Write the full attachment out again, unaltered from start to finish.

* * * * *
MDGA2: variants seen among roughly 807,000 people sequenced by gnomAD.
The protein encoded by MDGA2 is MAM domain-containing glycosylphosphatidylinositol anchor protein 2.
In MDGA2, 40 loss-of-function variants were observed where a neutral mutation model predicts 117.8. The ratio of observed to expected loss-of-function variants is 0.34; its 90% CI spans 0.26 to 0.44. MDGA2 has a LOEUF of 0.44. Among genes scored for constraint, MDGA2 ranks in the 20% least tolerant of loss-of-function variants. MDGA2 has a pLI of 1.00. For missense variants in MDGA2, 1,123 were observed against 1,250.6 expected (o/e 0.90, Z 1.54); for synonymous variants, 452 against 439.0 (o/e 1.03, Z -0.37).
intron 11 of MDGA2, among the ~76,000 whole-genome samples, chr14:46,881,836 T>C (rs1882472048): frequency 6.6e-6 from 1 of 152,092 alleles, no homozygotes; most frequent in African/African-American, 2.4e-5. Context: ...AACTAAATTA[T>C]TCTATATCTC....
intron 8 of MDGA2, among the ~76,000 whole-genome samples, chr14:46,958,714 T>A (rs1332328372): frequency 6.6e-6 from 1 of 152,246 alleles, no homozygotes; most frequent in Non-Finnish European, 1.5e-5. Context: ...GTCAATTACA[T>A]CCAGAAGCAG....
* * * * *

MDGA2: variants seen among roughly 807,000 people sequenced by gnomAD.
The protein encoded by MDGA2 is MAM domain-containing glycosylphosphatidylinositol anchor protein 2.
In MDGA2, 40 loss-of-function variants were observed where a neutral mutation model predicts 117.8. The ratio of observed to expected loss-of-function variants is 0.34; its 90% CI spans 0.26 to 0.44. MDGA2 has a LOEUF of 0.44. Among genes scored for constraint, MDGA2 ranks in the 20% least tolerant of loss-of-function variants. MDGA2 has a pLI of 1.00. For missense variants in MDGA2, 1,123 were observed against 1,250.6 expected (o/e 0.90, Z 1.54); for synonymous variants, 452 against 439.0 (o/e 1.03, Z -0.37).
intron 11 of MDGA2, among the ~76,000 whole-genome samples, chr14:46,881,836 T>C (rs1882472048): frequency 6.6e-6 from 1 of 152,092 alleles, no homozygotes; most frequent in African/African-American, 2.4e-5. Context: ...AACTAAATTA[T>C]TCTATATCTC....
intron 8 of MDGA2, among the ~76,000 whole-genome samples, chr14:46,958,714 T>A (rs1332328372): frequency 6.6e-6 from 1 of 152,246 alleles, no homozygotes; most frequent in Non-Finnish European, 1.5e-5. Context: ...GTCAATTACA[T>A]CCAGAAGCAG....